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U.S. Cost of Living and Wage Stagnation, 1979-2015

Blog Post | Economic Growth

U.S. Cost of Living and Wage Stagnation, 1979-2015

Looking at average hourly earnings alone ignores at least three very important factors.

The question of the cost of living in the United States is intimately connected to the issue of the so-called “wage stagnation,” which is typically blamed on economic liberalization that started under President Carter, gathered steam under President Reagan, and peaked under President Clinton.

According to a 2015 report issued by the Economic Policy Institute, a pro-labor think tank based in Washington, D.C., “ever since 1979, the vast majority of American workers have seen their hourly wages stagnate or decline. This is despite real GDP growth of 149 percent and net productivity growth of 64 percent over this period. In short, the potential has existed for ample, broad-based wage growth over the last three-and-a-half decades, but these economic gains have largely bypassed the vast majority.”

True, adjusted for inflation, average hourly earnings of production and nonsupervisory employees in the private sector (closest approximation for the quintessential blue-collar worker that I could find) have barely changed between 1979 and 2015. In October 1979, average hourly earnings stood at $6.51 or $21.20 in 2015 dollars. In October 2015, average hourly earnings stood at $21.18 – slightly below the inflation adjusted 1979 level.

Looking at the average hourly earnings, however, ignores at least three very important factors: expansion of non-wage benefits, fall in the price of consumer goods and rise in price of services, such as education and healthcare.

First, in recent decades, non-wage benefits expanded. Today they include relocation assistance, medical and prescription coverage, vision and dental coverage, health and dependent care flexible spending accounts, retirement benefit plans, group-term life and long term care insurance plans, legal and adoption assistance plans, child care and transportation benefits, vacation and sick paid time-off, and employee discount programs from a variety of vendors, etc.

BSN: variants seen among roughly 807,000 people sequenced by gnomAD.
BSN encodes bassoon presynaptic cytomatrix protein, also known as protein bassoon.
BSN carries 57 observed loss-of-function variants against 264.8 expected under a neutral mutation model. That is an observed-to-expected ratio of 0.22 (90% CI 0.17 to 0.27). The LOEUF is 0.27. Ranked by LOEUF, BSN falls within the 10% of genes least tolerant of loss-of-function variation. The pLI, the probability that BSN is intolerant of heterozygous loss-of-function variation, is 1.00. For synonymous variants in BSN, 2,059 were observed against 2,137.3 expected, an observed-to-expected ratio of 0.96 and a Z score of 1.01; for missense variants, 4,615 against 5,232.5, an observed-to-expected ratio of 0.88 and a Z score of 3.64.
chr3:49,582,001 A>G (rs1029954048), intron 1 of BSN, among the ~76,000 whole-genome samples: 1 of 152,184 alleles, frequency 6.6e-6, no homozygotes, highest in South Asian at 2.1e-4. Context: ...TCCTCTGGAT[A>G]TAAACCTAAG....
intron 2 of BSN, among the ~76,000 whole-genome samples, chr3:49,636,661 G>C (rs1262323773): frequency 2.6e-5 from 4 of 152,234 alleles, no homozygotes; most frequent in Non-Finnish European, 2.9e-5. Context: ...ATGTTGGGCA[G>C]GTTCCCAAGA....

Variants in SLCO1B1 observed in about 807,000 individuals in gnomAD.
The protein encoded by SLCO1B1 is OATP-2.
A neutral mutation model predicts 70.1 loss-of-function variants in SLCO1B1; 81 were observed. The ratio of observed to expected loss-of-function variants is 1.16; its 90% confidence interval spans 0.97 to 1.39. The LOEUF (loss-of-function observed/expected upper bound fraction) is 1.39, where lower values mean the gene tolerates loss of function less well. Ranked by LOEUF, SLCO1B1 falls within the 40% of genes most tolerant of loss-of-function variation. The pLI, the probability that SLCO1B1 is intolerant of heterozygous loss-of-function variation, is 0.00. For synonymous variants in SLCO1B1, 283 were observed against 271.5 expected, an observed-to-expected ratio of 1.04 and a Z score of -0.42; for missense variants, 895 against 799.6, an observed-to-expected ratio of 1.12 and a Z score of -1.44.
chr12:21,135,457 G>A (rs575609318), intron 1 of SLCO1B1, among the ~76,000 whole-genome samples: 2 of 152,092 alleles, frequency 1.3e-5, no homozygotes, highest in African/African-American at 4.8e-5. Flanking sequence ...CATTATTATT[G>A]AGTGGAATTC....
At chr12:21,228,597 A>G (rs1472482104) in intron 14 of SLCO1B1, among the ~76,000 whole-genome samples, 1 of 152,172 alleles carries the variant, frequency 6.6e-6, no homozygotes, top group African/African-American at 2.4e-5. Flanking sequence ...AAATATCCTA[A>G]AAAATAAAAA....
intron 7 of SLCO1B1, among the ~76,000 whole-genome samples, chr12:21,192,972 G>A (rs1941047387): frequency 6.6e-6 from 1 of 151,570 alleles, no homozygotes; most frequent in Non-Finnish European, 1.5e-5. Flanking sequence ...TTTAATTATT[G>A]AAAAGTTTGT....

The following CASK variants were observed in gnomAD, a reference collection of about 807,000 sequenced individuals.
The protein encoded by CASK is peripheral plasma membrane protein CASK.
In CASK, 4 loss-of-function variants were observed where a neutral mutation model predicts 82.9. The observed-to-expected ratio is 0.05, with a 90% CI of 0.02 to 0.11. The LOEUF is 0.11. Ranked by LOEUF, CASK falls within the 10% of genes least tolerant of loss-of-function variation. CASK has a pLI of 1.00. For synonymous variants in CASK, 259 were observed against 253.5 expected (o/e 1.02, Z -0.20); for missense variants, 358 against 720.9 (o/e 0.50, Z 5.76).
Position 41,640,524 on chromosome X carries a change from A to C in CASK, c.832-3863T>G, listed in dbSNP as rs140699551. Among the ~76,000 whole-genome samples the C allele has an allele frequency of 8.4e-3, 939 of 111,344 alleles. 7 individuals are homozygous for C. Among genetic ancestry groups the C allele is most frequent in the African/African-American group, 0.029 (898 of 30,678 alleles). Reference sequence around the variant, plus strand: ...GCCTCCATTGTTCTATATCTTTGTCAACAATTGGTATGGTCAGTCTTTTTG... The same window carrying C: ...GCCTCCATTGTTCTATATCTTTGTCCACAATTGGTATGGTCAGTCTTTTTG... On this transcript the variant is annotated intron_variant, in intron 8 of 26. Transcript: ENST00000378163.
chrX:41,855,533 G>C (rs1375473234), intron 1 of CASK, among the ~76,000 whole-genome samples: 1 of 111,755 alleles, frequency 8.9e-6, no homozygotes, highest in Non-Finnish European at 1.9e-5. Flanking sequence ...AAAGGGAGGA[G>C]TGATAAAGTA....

It is not easy to put an exact figure on the value of those non-wage benefits, but they could amount to as much as 30 or even 40 percent of the workers’ earnings. The lion’s share of the non-wage benefits, as my Cato colleague Peter Van Doren wrote in 2011, is consumed by “the dramatic increase in health insurance costs.” “The fixed costs of health insurance,” Van Doren shows, “are a much larger percentage of the total compensation of lower-earnings workers.”

Second, many, perhaps most, big-ticket items used by a typical American family on a daily basis have decreased in price. Over at Human Progress, we have been comparing the prices of common household items as advertised in the 1979 Sears catalog and prices of common household items as sold by Walmart in 2015.

We have divided the 1979 nominal prices by 1979 average nominal hourly wages and 2015 nominal prices by 2015 average nominal hourly wages, to calculate the “time cost” of common household items in each year (i.e., the number of hours the average American would have to work to earn enough money to purchase various household items at the nominal prices). Thus, the “time cost” of a 13 Cu. Ft. refrigerator fell by 52 percent in terms of the hours of work required at the average hourly nominal wage, etc.

Needless to say, the above price reductions greatly underestimate the totality of welfare gains by an average American, by ignoring qualitative, aesthetic and environmental improvements on commonly used items. (To give just one example, a refrigerator today uses one-third of the electricity used by a refrigerator in the 1970s.)

From the above discussion it might be reasonable to conclude that Americans are much better off today than they were in the late 1970s, but that would be too simplistic. The cost of education, healthcare and housing has risen at a faster pace than total compensation. It is true that today’s houses are larger, healthcare better, and education more high-tech than in the past, but quality improvements do not seem to account for the entirety of price increases. For example, there appears to be a high degree of academic consensus that housing price inflation is driven, primarily, by zoning laws. (No such consensus, alas, exists for the rise in education and healthcare costs.)

The question of standard of living is a complex one. The accompanying infographic refers to merely one part of the debate, i.e., affordability of commonly used items. While we believe that the infographic tells an important story, it should be considered within a broader context, including non-wage compensation and offsetting increases in the cost of housing, education, and healthcare.

This first appeared in Reason

CNBC | Food Production

Chipotle Tests Automation for Burrito Bowls and Salads